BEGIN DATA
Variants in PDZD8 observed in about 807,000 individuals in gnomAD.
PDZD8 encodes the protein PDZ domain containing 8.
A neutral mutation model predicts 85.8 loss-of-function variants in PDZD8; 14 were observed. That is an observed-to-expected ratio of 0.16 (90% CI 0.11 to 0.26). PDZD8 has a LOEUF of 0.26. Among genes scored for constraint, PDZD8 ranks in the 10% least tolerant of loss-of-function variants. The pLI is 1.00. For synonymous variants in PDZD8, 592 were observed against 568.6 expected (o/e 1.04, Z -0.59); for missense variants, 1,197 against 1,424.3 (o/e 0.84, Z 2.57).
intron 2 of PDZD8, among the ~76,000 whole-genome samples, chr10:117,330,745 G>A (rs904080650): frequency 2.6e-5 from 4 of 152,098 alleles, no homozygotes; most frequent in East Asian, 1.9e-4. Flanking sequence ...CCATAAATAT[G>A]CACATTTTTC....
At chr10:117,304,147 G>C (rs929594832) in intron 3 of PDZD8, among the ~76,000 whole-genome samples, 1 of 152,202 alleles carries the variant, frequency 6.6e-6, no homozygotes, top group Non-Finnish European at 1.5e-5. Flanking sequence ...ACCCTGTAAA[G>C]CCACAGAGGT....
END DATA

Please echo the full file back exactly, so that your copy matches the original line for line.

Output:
Variants in PDZD8 observed in about 807,000 individuals in gnomAD.
PDZD8 encodes the protein PDZ domain containing 8.
A neutral mutation model predicts 85.8 loss-of-function variants in PDZD8; 14 were observed. That is an observed-to-expected ratio of 0.16 (90% CI 0.11 to 0.26). PDZD8 has a LOEUF of 0.26. Among genes scored for constraint, PDZD8 ranks in the 10% least tolerant of loss-of-function variants. The pLI is 1.00. For synonymous variants in PDZD8, 592 were observed against 568.6 expected (o/e 1.04, Z -0.59); for missense variants, 1,197 against 1,424.3 (o/e 0.84, Z 2.57).
intron 2 of PDZD8, among the ~76,000 whole-genome samples, chr10:117,330,745 G>A (rs904080650): frequency 2.6e-5 from 4 of 152,098 alleles, no homozygotes; most frequent in East Asian, 1.9e-4. Flanking sequence ...CCATAAATAT[G>A]CACATTTTTC....
At chr10:117,304,147 G>C (rs929594832) in intron 3 of PDZD8, among the ~76,000 whole-genome samples, 1 of 152,202 alleles carries the variant, frequency 6.6e-6, no homozygotes, top group Non-Finnish European at 1.5e-5. Flanking sequence ...ACCCTGTAAA[G>C]CCACAGAGGT....